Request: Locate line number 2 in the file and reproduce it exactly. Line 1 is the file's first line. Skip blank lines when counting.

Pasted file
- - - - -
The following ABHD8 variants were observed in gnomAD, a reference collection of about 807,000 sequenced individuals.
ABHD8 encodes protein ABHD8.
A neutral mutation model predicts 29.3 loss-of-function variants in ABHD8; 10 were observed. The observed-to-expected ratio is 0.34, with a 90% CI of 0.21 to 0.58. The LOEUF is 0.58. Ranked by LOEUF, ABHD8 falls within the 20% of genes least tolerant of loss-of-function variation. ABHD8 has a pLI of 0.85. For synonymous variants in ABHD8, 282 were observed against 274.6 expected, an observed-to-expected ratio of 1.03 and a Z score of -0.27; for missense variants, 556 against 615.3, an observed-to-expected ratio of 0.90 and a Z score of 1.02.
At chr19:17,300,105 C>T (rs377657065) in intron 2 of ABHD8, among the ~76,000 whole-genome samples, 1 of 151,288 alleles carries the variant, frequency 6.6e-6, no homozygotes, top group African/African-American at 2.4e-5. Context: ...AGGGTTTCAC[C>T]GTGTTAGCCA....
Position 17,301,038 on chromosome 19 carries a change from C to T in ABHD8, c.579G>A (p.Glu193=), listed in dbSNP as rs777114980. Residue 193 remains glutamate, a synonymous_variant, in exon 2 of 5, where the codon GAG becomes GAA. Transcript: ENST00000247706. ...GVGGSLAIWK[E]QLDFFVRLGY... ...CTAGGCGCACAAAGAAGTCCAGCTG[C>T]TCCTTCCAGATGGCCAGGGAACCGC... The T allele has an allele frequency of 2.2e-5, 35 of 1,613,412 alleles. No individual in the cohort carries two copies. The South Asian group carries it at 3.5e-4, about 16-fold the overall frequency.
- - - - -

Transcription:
ABHD8 encodes protein ABHD8.